Photo: Courtesy of ENBALA

Smart Grids Generate Powerful Trade

Numerous Canadian companies have powered up to create innovative technology for smart grids and are seeing sales surge in foreign markets. Here’s the buzz on a few of them.

It improves data about electricity usage, pinpoints power outages, reduces electricity theft and more.

It’s called the smart grid and includes everything from the home installation of smart meters that provide energy usage data to electrical utilities and homeowners alike, to software that allows industrial and commercial users to reduce their energy during peak periods.

The smart grid “is really about grid modernization with new technology,” says Jim Burpee, president and CEO of the Canadian Electricity Association.

Burpee says the addition of new communications and automation equipment to power lines makes it easier and more effective to control the grid, restore power after outages and to plan more effectively.


Photo: Courtesy of Clevest

Photo: Courtesy of Clevest

The smart grid “has been the wind in our sails,” says Thomas Ligocki, president and CEO of Richmond, B.C.-based Clevest, which makes mobile workforce products that help install smart meters and its next phase—mobile applications for the smart grid.

Clevest initially began making smart grid support products in 2006 out of a basement with six people, and now has 124 employees. It’s growing so quickly that it was recently named Canada’s sixth fastest growing company by Profit Magazine.

Clevest’s software allows workers installing smart meters to determine whether they are operating correctly and to diagnose them if not.

“We had the fortune of being able to create innovative technology that could serve a new market and we’ve been able to ride that wave,” Ligocki says.

More than 130 utilities have bought into Clevest’s solution and almost all are abroad—only seven per cent of business is in Canada.

The United States comprises about 70 per cent of exports and China about 20 per cent, with Latin America, Europe, Australia and the Philippines making up the remainder.

To bulk up U.S. sales, the company has a five-person office near Dallas, Texas and a travelling salesforce in nine regions of the country. “That gives our U.S. clients a level of comfort,” says Ligocki, who has encountered a desire to buy locally among some potential clients.

However, having products with unique features and developing partnerships with U.S. firms has helped overcome that stigma, he says.

Ligocki says EDC has helped Clevest find new clients, namely through a recent matchmaking session organized by EDC and the Department of Foreign Affairs, Trade and Development (DFATD), which brought six of Colombia’s largest electricity companies to Vancouver (and Toronto).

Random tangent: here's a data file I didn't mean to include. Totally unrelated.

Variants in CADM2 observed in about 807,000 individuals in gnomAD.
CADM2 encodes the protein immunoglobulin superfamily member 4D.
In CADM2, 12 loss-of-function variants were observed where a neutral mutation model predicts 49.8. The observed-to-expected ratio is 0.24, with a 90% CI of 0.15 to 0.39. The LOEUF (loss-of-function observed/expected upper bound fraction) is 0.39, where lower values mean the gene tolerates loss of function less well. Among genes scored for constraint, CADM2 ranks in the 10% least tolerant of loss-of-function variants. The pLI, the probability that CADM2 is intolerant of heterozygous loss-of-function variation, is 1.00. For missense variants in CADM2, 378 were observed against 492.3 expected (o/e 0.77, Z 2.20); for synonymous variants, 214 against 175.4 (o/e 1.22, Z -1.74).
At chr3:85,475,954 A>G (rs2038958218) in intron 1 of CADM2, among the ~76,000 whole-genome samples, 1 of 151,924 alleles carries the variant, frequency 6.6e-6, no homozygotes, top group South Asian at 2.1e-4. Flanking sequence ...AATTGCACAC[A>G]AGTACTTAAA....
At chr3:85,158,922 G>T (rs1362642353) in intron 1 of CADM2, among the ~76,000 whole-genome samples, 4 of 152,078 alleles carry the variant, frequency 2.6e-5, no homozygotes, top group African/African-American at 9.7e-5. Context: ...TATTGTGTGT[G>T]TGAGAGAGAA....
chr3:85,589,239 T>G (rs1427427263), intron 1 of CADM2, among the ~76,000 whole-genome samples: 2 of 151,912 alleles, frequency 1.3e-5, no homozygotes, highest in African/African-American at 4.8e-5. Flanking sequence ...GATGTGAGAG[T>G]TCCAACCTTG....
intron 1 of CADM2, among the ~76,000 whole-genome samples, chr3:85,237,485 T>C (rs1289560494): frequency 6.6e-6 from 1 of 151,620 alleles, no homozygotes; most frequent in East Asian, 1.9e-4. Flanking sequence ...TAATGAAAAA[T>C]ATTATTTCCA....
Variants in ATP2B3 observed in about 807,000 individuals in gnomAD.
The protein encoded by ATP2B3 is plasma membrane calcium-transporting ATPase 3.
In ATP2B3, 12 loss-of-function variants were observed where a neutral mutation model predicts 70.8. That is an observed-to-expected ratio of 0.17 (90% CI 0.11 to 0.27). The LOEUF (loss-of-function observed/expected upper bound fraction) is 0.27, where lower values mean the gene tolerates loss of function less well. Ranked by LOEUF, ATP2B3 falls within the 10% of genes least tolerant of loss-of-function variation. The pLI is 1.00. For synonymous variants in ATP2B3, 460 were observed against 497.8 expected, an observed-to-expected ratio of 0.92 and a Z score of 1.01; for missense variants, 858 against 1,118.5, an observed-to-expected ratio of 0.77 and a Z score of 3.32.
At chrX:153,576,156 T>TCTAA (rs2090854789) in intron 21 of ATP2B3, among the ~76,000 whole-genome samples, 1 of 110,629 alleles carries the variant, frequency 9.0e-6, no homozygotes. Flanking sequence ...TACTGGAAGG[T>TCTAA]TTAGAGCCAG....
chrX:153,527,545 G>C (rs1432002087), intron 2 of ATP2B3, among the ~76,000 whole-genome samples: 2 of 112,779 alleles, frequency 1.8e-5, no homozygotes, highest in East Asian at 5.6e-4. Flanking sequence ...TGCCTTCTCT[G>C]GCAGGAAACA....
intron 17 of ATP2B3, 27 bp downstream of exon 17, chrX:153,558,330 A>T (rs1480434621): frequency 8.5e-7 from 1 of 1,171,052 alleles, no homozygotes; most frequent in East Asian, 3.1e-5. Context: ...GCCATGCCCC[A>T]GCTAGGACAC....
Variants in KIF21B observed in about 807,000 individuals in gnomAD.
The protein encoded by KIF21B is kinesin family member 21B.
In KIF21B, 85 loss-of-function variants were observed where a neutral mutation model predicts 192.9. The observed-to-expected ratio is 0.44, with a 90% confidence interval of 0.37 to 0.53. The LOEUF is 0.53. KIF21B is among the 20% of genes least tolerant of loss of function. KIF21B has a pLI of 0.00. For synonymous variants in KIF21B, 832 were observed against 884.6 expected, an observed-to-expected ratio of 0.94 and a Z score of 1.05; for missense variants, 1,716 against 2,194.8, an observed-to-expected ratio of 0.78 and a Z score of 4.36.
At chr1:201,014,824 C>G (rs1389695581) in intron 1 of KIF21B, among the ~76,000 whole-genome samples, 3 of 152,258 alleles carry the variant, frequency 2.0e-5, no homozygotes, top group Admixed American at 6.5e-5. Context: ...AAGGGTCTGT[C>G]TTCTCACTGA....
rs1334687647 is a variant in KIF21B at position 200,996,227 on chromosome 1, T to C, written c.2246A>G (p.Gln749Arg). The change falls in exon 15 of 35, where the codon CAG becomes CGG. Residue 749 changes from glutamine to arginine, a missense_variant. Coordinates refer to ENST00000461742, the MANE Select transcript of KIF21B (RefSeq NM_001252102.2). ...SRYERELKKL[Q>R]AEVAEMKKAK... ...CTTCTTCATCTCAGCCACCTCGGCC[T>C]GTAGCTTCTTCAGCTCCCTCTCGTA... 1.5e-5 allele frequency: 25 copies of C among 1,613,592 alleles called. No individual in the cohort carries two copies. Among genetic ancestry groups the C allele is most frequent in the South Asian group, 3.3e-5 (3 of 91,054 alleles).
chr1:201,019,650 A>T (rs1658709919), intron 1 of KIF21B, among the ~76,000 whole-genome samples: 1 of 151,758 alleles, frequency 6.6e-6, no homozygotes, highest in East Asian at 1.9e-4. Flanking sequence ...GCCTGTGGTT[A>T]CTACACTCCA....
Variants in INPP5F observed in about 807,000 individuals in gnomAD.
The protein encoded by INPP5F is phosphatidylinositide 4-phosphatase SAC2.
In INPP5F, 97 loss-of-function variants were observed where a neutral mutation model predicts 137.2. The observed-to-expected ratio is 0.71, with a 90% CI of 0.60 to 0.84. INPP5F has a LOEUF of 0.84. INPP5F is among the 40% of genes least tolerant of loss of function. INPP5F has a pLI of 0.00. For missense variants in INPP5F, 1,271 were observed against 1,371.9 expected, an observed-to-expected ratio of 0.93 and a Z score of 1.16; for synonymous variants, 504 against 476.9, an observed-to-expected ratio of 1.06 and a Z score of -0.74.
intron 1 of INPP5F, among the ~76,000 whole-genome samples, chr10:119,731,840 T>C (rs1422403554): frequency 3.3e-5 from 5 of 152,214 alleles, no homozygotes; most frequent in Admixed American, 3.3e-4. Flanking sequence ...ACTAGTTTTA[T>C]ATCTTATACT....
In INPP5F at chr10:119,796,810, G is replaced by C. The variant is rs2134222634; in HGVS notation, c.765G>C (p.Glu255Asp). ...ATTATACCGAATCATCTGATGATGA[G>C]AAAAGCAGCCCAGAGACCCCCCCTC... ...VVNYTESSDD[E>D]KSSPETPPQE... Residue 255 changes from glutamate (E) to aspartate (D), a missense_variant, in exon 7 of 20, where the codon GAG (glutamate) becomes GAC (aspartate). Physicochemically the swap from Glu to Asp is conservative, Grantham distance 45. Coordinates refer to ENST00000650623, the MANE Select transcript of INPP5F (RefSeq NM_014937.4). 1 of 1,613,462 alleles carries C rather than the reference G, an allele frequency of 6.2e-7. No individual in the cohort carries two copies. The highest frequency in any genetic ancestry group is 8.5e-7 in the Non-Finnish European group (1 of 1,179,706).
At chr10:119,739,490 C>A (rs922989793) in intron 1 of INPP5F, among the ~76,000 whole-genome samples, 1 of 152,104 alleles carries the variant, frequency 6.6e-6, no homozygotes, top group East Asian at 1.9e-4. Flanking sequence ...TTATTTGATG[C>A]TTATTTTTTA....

“While our sales team had met with some of those utilities, having them come here added a lot of credibility to us as an organization. They need to see us in our element and know there’s a large organization standing behind us.”

Clevest recently added an Android application to take advantage of the popularity of the operating system in inexpensive mobile devices in developing countries.

It’s also aiming to launch a theft analysis and prosecution solution system next year that Ligocki believes developing countries will be eager to embrace.


Photo: Courtesy of Awesense

Photo: Courtesy of Awesense

Indeed, electricity losses from theft, bill fraud, meter tampering and equipment failure are among the industry’s most persistent problems.

“It’s a huge problem in emerging nations,” says Mischa Steiner-Jovic, CEO of Vancouver-based Awesense. In Brazil, for example, losses are around 30 per cent and that number can reach 100 per cent in parts of India and Pakistan, he says.

However, Awesense has “built a system that can easily identify where losses are occurring, without having to implement billions of dollars of fixed infrastructure within the grid,” says Steiner-Jovic.

The company’s SenseNet system is designed to help utilities cut power losses and recover lost revenue from theft, transformer overloads and other problems.

It has helped clients recover tens of millions of dollars in avoidable power losses and led to the company being nominated a smart grid company to watch in 2013 by Smart Grid News.

By analyzing small chunks of the distribution grids, the technology allows utilities to zero in on where their losses are occurring. Previously they could only guess where these were happening.